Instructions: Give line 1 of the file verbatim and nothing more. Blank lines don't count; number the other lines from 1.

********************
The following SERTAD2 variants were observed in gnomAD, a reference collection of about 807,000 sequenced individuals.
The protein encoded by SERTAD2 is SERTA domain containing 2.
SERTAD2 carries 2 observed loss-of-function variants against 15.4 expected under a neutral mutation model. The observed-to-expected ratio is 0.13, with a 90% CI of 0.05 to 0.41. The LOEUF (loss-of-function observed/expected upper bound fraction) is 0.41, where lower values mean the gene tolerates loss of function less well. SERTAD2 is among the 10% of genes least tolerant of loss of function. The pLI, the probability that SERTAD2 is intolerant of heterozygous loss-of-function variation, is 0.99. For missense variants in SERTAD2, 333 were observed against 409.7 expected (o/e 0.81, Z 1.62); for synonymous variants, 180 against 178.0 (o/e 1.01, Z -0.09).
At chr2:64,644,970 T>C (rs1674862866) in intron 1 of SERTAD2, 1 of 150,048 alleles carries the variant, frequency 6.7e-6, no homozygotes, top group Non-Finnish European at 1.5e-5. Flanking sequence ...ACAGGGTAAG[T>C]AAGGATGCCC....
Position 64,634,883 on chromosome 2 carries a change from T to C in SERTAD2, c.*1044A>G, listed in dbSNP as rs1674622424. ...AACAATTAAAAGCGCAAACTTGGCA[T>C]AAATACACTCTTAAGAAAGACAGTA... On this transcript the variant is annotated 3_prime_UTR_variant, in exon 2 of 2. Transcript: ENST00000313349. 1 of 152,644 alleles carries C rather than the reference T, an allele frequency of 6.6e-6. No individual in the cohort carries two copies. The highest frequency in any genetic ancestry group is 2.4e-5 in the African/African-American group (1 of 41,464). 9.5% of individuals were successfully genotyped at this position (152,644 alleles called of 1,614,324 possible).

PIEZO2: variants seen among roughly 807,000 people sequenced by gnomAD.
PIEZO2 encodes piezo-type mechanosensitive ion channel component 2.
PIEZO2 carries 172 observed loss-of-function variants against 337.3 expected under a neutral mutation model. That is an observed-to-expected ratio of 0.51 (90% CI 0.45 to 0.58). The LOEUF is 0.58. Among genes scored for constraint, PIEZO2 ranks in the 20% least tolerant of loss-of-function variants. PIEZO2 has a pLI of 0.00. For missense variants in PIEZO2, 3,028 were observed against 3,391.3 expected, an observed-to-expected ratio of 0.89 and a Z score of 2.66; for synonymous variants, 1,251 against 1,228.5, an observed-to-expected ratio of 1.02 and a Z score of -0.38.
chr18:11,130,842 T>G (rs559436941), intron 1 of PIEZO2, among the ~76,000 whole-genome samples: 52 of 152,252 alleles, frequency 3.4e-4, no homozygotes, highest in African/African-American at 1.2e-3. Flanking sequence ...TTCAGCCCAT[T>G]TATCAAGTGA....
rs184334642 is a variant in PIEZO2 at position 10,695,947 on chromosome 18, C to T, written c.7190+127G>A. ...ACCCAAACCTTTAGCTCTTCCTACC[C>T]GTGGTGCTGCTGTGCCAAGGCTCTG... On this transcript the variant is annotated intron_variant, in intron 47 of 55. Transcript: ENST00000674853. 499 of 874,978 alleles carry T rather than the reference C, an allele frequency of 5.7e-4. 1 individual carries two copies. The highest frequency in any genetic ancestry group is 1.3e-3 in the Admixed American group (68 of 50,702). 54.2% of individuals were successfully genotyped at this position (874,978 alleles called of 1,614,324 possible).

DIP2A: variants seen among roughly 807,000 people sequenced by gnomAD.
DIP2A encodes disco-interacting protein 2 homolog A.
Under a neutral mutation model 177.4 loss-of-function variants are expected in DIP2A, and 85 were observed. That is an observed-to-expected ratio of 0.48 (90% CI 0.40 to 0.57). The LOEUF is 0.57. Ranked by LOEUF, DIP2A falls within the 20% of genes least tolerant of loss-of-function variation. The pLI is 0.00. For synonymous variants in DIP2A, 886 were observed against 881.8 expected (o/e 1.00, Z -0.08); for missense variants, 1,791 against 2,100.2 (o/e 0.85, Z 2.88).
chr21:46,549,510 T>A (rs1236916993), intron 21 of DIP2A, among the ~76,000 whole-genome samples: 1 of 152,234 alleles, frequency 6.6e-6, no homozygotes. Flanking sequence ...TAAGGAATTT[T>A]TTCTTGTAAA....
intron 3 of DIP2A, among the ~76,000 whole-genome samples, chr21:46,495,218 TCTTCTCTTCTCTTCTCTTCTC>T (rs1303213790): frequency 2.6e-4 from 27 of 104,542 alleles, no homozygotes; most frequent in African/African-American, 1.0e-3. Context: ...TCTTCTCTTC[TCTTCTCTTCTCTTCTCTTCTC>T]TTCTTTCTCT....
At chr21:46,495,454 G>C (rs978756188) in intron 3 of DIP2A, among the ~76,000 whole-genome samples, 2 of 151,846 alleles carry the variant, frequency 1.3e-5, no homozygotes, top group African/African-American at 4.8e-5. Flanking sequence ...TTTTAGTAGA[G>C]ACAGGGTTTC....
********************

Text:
The following SERTAD2 variants were observed in gnomAD, a reference collection of about 807,000 sequenced individuals.